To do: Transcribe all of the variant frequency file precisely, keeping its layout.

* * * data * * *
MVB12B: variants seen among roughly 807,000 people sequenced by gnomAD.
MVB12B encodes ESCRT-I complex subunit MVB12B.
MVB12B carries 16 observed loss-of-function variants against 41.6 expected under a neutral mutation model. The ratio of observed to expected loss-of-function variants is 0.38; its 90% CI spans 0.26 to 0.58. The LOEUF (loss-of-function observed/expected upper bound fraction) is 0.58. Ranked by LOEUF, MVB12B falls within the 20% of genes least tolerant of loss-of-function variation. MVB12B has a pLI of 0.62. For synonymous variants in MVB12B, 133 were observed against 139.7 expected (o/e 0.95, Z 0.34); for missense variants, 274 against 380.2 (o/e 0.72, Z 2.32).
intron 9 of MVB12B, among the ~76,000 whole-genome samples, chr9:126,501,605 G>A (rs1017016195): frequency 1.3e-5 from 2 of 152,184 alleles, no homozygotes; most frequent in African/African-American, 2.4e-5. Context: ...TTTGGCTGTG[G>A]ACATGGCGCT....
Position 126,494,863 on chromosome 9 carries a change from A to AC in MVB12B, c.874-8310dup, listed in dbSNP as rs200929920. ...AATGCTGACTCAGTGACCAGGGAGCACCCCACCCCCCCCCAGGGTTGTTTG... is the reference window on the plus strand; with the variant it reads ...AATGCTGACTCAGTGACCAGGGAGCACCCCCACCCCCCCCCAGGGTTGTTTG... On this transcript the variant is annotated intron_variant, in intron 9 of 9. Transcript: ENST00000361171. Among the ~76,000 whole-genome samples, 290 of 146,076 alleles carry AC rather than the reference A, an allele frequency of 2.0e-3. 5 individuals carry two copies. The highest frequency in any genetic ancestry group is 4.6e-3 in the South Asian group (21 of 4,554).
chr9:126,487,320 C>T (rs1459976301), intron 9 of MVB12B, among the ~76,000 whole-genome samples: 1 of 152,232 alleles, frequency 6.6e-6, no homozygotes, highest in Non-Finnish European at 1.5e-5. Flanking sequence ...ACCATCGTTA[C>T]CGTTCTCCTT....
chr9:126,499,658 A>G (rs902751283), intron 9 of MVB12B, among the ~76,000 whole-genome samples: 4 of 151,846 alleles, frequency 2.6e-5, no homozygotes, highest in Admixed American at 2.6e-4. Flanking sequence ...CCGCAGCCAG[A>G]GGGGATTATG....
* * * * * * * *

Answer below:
MVB12B: variants seen among roughly 807,000 people sequenced by gnomAD.
MVB12B encodes ESCRT-I complex subunit MVB12B.
MVB12B carries 16 observed loss-of-function variants against 41.6 expected under a neutral mutation model. The ratio of observed to expected loss-of-function variants is 0.38; its 90% CI spans 0.26 to 0.58. The LOEUF (loss-of-function observed/expected upper bound fraction) is 0.58. Ranked by LOEUF, MVB12B falls within the 20% of genes least tolerant of loss-of-function variation. MVB12B has a pLI of 0.62. For synonymous variants in MVB12B, 133 were observed against 139.7 expected (o/e 0.95, Z 0.34); for missense variants, 274 against 380.2 (o/e 0.72, Z 2.32).
intron 9 of MVB12B, among the ~76,000 whole-genome samples, chr9:126,501,605 G>A (rs1017016195): frequency 1.3e-5 from 2 of 152,184 alleles, no homozygotes; most frequent in African/African-American, 2.4e-5. Context: ...TTTGGCTGTG[G>A]ACATGGCGCT....
Position 126,494,863 on chromosome 9 carries a change from A to AC in MVB12B, c.874-8310dup, listed in dbSNP as rs200929920. ...AATGCTGACTCAGTGACCAGGGAGCACCCCACCCCCCCCCAGGGTTGTTTG... is the reference window on the plus strand; with the variant it reads ...AATGCTGACTCAGTGACCAGGGAGCACCCCCACCCCCCCCCAGGGTTGTTTG... On this transcript the variant is annotated intron_variant, in intron 9 of 9. Transcript: ENST00000361171. Among the ~76,000 whole-genome samples, 290 of 146,076 alleles carry AC rather than the reference A, an allele frequency of 2.0e-3. 5 individuals carry two copies. The highest frequency in any genetic ancestry group is 4.6e-3 in the South Asian group (21 of 4,554).
chr9:126,487,320 C>T (rs1459976301), intron 9 of MVB12B, among the ~76,000 whole-genome samples: 1 of 152,232 alleles, frequency 6.6e-6, no homozygotes, highest in Non-Finnish European at 1.5e-5. Flanking sequence ...ACCATCGTTA[C>T]CGTTCTCCTT....
chr9:126,499,658 A>G (rs902751283), intron 9 of MVB12B, among the ~76,000 whole-genome samples: 4 of 151,846 alleles, frequency 2.6e-5, no homozygotes, highest in Admixed American at 2.6e-4. Flanking sequence ...CCGCAGCCAG[A>G]GGGGATTATG....